The start of treatment body weights, necropsy body weights, all body weight gains, food consumption intervals and clinical chemistry and hematology variables were analyzed using Student’s Mest. Levene’s test for equality of variances between the groups was also performed (4). When this test gave evidence of heterogenous variances and an alternative analysis was deemed necessary, the data were analyzed using nonparametric methods. The nonparametric test used was the Wilcoxon rank-sum test (5). The hematology variable (neutrophils – females only) and the clinical chemistry variables (aspartate aminotransferase and alanine am i notransf erase) were log-transformed before analysis because previous research into the large-scale distribution of these variables indicates that they have an approximately log-normal distribution.
All organ weights were analyzed using analysis of covariance (6) and Student’s t-test (7), using the necropsy body weight as a covariate. This analysis depends on the assumption that the relationship between the organ weights and the covariate is the same for all groups; the validity of this assumption was tested.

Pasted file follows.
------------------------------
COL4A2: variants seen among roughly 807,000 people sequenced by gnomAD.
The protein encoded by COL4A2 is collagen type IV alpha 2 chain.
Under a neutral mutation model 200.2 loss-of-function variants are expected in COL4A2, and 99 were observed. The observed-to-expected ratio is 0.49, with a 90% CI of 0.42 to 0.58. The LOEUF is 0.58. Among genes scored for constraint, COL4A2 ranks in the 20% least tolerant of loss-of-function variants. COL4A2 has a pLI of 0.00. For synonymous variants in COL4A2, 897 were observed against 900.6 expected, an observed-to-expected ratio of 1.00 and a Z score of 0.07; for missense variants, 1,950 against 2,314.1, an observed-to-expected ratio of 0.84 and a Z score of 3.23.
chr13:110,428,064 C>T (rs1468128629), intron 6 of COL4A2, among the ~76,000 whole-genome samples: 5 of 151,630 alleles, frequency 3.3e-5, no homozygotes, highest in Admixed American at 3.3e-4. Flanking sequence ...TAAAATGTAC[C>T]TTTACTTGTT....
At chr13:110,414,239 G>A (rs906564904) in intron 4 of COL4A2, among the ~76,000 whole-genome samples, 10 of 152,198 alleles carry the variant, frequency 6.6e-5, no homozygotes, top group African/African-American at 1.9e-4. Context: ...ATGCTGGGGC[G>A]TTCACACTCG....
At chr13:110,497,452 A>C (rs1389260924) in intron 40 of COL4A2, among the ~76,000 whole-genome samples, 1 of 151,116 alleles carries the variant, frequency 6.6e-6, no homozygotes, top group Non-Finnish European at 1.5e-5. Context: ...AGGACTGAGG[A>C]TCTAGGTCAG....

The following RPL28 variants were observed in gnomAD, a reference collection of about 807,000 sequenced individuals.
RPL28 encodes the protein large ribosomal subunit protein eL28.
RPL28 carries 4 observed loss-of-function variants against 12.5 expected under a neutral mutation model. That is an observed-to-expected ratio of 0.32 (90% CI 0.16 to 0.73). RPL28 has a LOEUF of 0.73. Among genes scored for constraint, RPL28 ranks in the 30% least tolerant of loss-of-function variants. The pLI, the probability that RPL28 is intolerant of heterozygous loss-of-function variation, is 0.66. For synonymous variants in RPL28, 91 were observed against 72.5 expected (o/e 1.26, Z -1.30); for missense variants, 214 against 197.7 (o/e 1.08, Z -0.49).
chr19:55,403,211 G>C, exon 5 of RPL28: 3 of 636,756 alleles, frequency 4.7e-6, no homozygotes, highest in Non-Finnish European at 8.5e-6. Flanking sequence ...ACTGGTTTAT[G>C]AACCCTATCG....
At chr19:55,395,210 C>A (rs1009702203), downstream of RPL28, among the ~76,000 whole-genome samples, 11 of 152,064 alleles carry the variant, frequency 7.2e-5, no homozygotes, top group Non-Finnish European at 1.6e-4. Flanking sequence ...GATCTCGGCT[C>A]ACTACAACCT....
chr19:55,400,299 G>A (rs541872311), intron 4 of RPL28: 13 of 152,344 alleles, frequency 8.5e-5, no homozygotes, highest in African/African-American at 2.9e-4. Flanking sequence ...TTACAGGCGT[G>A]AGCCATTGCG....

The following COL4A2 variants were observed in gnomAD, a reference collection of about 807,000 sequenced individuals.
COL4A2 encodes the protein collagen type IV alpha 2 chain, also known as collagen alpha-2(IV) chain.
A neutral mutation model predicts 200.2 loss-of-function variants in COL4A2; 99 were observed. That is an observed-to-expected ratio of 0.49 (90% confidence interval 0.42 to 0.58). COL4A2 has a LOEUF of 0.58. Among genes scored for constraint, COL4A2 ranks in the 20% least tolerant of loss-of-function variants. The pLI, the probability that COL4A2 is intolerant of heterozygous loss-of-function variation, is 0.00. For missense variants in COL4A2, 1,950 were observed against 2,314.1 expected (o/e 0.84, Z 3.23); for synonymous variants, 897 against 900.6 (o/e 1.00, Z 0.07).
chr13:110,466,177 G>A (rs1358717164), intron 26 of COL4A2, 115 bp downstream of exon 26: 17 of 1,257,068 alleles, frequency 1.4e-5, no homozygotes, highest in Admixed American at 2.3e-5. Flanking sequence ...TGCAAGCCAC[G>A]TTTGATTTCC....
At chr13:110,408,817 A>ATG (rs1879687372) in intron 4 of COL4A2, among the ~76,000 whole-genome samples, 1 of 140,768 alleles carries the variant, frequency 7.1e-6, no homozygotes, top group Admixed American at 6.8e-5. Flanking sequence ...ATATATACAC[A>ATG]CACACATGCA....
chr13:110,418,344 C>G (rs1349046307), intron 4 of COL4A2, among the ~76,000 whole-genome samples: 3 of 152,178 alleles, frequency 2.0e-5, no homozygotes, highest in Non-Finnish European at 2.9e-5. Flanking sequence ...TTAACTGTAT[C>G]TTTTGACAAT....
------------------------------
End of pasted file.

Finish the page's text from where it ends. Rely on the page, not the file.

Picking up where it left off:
Levene’s test for equality of variances across the groups was also performed for all organ weights. If this showed evidence of heterogenous variances, where necessary, the data were analyzed using Student’s t-test (7) for the absolute organ weights and the organ weight to necropsy body weight ratios. Levene’s test was again performed on these data and when evidence of heterogenous variances was found, alternative analysis was performed.
Some variables were not analyzed because much of the data had the same value and/or there were few distinct values.
No treatment- related clinical signs were observed. Mortality
One treated female (rat number 66) was killed in week 24 due to eye lesions. There was no evidence to suggest that the condition of the rat was associated with study drug toxicity. There were no other deaths during the treatment period.
There were no treatment-related differences in body weight. From weeks 13 to 26, treated females gained significantly more body weight than did controls (p <0.05). From weeks 0 to 26, treated females gained 34% more weight than the controls but this was not statistically significant.
The food consumption of treated males was similar to that of controls. From about week 15 the treated females consumed up to 19% more food than the controls and this was shown to be statistically significant (p <0.05).
During the examination in week 25, a treated female (rat number 69) showed slight bilateral lens opacity. This was a common finding and considered to be unrelated to
treatment. There were no other ophthalmic events.
Hematology. No treatment-related differences were found between the control and treated groups in the hematology parameters measured in weeks 4, 13 and 26.
Clinical chemistry, Minor variations in the clinical chemistry parameters measured in weeks 4, 13 and 26 were observed, but no clear treatment-related effect was noted.